5 Answers to Why Reporters Ask Tough Questions

I’ve conducted hundreds of media training workshops over the past 15 years, so few questions surprise me anymore. Several years ago, however, a trainee asked a question that I had never heard:

“What’s their motivation?”

I had heard actors express a similar question about the characters they were preparing to portray. I had never thought specifically, though, about how motivation informed the choices that reporters made in asking questions and conducting interviews. Our trainee wanted to understand the motivation behind the reporters’ tough questions, to better understand what they sought.

A tablet with "myth," "reality," and other words in a word cloud

Why Reporters Ask Tough Questions

1. They Want The Truth

Journalism’s first obligation is to tell the truth, according to The Elements of Journalism by Bill Kovach and Tom Rosenstiel. Journalists often see themselves as, and believe their audiences perceive them to be, truth-seekers. Reporters ask tough questions to get the facts. Their motivation is simple – tough questions are what the story demands. Journalists are taught to seek the truth by verifying the facts. Then, they present a fair and accurate account (hopefully!) that provides context and meaning. They hope audiences assess the information and use it to come to reliable assumptions and decisions.

2. They Want The Whole Truth

Sources who tell the truth often tell the version of the truth they want you to hear. But reporters are less interested in the public party line than what is being said privately behind closed doors. That means reporters may ask tough questions, play the “nice guy,” play dumb, or use an extreme journalistic tactic to learn the rest of the story.

3. They Want to Represent the Underdog

The media are often referred to as the “Fourth Estate,” because they’re supposed to act as a check on power for the first three estates (in the United States, those estates are the judiciary, executive, and legislative branches of government). Many reporters are motivated by a sense that they’re supposed to hold power accountable and be a voice for the voiceless. They also feel an obligation to readers and viewers who have sought the truth and failed, and have turned to the media as a last resort. Reporters in this camp likely agree with the old reporter’s adage: “Comfort the afflicted and afflict the comfortable.”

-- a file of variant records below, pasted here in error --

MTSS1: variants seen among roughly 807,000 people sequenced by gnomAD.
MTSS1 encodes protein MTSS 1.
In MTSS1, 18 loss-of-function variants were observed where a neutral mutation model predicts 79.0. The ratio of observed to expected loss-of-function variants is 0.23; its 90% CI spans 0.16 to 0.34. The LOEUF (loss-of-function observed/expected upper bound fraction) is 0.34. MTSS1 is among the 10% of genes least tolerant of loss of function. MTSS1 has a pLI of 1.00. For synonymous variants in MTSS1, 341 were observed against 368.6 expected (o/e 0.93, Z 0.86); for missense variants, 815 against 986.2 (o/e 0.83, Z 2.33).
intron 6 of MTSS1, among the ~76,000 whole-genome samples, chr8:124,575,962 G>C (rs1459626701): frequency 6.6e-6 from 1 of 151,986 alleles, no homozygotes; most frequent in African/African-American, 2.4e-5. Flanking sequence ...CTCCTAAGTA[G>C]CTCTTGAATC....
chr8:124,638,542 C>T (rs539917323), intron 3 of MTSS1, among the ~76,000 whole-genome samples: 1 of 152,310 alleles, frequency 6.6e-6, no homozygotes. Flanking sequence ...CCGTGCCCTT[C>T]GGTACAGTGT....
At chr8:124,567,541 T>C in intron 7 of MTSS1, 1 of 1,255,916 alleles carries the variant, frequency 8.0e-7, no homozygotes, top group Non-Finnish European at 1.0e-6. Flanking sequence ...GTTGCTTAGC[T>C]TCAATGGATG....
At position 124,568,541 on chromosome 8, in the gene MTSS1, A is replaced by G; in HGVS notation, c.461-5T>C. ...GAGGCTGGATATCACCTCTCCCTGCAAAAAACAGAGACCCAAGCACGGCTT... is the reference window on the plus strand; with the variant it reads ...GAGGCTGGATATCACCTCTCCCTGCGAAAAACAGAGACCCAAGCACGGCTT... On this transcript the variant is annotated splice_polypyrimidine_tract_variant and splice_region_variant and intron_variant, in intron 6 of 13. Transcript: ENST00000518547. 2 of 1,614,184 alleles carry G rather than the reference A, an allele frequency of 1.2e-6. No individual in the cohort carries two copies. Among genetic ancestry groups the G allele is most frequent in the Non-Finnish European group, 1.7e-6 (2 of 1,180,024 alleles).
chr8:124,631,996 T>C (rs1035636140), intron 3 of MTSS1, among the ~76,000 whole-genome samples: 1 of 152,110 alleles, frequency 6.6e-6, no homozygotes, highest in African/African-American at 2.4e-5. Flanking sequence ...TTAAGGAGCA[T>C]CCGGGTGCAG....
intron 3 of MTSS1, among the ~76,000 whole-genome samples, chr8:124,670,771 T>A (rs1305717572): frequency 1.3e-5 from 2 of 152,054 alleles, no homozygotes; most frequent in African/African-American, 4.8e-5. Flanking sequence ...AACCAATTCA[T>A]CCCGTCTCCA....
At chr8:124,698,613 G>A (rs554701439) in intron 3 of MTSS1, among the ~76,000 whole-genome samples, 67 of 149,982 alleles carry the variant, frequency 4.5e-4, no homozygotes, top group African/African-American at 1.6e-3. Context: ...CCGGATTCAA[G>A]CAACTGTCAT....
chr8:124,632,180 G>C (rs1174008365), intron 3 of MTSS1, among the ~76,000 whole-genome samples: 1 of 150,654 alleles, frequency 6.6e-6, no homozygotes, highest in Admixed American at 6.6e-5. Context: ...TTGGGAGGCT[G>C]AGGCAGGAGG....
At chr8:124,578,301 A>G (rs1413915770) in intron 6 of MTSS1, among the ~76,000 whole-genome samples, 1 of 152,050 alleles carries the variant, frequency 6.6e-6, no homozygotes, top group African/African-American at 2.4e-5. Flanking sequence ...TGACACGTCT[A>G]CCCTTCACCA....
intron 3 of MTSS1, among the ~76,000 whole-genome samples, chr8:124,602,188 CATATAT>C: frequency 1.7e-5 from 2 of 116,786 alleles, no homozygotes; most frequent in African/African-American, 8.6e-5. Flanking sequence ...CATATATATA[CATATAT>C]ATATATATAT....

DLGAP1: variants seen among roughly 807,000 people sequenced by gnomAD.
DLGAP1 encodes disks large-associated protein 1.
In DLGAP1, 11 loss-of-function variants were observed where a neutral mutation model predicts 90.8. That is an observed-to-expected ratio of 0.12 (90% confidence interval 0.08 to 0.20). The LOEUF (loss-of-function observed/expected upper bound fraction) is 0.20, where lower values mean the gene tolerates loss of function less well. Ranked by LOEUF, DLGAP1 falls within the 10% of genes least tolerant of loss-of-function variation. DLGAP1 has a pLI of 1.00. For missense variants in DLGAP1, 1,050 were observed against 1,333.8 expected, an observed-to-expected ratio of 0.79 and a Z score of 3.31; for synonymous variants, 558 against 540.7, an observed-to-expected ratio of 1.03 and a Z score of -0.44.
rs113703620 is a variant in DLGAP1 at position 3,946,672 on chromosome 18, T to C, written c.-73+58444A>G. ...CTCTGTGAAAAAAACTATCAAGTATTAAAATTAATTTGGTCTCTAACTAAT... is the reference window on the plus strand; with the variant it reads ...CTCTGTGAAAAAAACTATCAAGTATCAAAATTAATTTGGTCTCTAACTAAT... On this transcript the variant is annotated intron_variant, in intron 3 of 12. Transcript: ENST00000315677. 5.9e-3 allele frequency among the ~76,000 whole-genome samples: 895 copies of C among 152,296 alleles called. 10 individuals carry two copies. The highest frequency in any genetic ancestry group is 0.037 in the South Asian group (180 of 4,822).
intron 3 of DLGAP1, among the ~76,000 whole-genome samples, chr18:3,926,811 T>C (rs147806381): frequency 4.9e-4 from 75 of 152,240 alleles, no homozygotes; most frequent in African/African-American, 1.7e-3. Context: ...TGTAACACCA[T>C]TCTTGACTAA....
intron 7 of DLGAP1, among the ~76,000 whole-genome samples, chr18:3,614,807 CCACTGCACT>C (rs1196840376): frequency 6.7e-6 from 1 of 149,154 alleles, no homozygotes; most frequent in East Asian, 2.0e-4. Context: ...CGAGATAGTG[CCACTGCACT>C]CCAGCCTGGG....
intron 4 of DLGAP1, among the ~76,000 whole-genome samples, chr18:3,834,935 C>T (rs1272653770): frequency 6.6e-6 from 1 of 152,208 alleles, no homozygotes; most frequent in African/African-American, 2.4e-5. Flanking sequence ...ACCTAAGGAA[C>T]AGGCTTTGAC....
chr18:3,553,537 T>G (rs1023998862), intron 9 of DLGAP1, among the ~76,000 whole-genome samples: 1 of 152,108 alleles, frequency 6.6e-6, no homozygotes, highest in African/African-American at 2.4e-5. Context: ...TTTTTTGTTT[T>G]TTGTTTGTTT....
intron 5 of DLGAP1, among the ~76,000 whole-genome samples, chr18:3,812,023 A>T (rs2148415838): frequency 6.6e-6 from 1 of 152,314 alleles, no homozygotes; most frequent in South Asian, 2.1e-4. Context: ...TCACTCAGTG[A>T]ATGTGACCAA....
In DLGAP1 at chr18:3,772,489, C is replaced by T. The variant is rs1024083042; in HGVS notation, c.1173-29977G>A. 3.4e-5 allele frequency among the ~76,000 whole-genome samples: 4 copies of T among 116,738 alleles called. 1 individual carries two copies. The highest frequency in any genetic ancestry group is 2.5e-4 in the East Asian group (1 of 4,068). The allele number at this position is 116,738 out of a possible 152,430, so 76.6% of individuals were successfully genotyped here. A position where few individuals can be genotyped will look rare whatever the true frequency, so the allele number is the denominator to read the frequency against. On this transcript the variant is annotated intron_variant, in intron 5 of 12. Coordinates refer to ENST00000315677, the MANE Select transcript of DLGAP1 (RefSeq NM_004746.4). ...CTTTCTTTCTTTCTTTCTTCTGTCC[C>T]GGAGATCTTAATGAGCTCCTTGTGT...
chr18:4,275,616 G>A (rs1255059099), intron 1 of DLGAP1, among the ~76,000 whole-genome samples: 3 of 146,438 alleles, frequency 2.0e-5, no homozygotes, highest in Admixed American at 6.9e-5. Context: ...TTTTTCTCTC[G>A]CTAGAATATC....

Business man standing under a spotlight with arms outstretched

4. They Seek Personal Glory

The first three motivations are rather noble. But it would be incomplete to exclude the self-centered motivations that sometimes lead reporters to ask tough questions. Anyone who has worked for the media (or in PR) long enough knows that some reporters are on a “Pulitzer quest.” They do whatever it takes to earn an award and the recognition of their peers. Other factors also may motivate them – the appreciation of their bosses, career advancement, personal ego, insecurity, etc.

5. They Seek Ratings and Readers

In a deeply competitive media age, journalists want to attract as many eyeballs to their stories as possible. Sometimes, tough “gotcha” questions are more about showmanship than substance. They are more intended to create headlines for the host or news outlet than to inform an audience. Since tough questions often go viral, reporters may ask them in order to create a “media moment.”

Prepare yourself

Another important motivation, of course, is yours. What are you hoping to get out of the interview? If you want to be prepared for the curve balls, zingers, and pitfalls that may be headed your way, it’s best to do some legwork.

Even if you only have scant time for research, you can look into the work and interview style of the reporter who is interviewing you, as well as the reporter’s news outlet. Do they veer toward the sensational? Do they seem intent on uncovering the truth? Are they champions of the underdog? When you get a better sense of their motivations, it’s easier to predict the questions they’re likely to ask and their overall interview style.